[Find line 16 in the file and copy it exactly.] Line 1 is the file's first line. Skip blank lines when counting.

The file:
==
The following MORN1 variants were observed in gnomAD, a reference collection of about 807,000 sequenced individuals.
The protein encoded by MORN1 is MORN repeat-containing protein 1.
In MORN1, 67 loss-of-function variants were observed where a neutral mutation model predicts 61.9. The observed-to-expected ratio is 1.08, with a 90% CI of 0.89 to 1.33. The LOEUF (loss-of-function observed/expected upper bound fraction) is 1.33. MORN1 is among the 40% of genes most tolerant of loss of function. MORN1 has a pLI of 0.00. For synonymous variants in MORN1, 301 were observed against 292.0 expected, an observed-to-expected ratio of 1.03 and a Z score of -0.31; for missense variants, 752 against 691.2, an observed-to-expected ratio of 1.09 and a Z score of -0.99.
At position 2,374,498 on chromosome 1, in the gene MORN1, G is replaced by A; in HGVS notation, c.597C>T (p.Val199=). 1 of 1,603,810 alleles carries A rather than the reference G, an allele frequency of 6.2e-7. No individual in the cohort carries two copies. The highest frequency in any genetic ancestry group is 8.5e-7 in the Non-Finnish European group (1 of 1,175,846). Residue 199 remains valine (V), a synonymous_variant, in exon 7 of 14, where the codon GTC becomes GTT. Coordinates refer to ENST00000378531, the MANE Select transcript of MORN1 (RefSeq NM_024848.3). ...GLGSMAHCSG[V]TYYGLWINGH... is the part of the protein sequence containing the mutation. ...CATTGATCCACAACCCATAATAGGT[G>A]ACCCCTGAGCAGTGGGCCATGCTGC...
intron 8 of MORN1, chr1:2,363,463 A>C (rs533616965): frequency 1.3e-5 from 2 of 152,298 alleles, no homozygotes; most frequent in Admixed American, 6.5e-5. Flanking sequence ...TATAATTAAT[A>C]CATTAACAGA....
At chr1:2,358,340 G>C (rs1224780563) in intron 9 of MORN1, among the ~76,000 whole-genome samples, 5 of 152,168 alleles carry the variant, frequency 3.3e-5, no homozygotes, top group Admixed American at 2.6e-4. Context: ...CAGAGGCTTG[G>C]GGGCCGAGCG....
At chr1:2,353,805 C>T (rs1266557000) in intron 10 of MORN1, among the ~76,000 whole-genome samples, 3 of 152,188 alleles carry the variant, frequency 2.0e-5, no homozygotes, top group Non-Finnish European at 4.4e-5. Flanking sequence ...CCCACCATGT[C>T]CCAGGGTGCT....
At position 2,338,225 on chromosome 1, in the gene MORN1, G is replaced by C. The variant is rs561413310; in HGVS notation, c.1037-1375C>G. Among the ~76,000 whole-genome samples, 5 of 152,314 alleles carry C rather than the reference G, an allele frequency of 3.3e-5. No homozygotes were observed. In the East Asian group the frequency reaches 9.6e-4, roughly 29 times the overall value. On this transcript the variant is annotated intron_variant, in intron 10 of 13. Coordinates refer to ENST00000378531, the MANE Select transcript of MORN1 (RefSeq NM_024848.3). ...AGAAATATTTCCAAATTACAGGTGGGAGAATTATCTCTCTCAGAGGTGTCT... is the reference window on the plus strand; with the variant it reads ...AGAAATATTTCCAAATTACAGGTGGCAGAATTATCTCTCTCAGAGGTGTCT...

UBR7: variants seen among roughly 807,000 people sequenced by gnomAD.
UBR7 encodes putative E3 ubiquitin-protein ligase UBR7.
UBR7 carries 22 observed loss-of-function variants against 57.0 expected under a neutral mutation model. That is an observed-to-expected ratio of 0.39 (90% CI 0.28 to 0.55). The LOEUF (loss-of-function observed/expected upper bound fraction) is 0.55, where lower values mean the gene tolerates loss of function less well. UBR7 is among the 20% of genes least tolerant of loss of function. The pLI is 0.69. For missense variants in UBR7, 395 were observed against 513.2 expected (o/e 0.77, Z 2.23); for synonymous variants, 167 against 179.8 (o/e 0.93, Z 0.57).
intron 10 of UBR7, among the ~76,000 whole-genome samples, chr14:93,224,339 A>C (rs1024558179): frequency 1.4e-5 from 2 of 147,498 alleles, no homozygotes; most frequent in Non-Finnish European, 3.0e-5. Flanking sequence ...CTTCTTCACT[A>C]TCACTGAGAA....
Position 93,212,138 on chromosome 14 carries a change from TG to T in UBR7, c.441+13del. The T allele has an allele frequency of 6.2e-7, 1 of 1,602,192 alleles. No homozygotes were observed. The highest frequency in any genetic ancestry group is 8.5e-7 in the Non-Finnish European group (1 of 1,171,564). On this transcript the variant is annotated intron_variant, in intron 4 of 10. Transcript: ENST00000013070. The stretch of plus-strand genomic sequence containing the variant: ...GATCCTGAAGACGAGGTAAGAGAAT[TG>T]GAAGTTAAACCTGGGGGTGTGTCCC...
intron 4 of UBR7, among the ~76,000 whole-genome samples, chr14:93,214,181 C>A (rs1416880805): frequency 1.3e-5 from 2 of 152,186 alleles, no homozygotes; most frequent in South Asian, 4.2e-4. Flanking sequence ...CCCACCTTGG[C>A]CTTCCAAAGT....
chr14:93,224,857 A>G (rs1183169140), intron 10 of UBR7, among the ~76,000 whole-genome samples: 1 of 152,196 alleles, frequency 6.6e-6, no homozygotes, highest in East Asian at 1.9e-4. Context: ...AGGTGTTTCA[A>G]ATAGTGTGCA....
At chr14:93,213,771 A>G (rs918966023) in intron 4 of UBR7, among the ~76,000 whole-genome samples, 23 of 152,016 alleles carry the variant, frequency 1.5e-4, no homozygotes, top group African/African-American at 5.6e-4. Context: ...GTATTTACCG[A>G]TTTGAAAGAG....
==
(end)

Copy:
At chr14:93,213,771 A>G (rs918966023) in intron 4 of UBR7, among the ~76,000 whole-genome samples, 23 of 152,016 alleles carry the variant, frequency 1.5e-4, no homozygotes, top group African/African-American at 5.6e-4. Context: ...GTATTTACCG[A>G]TTTGAAAGAG....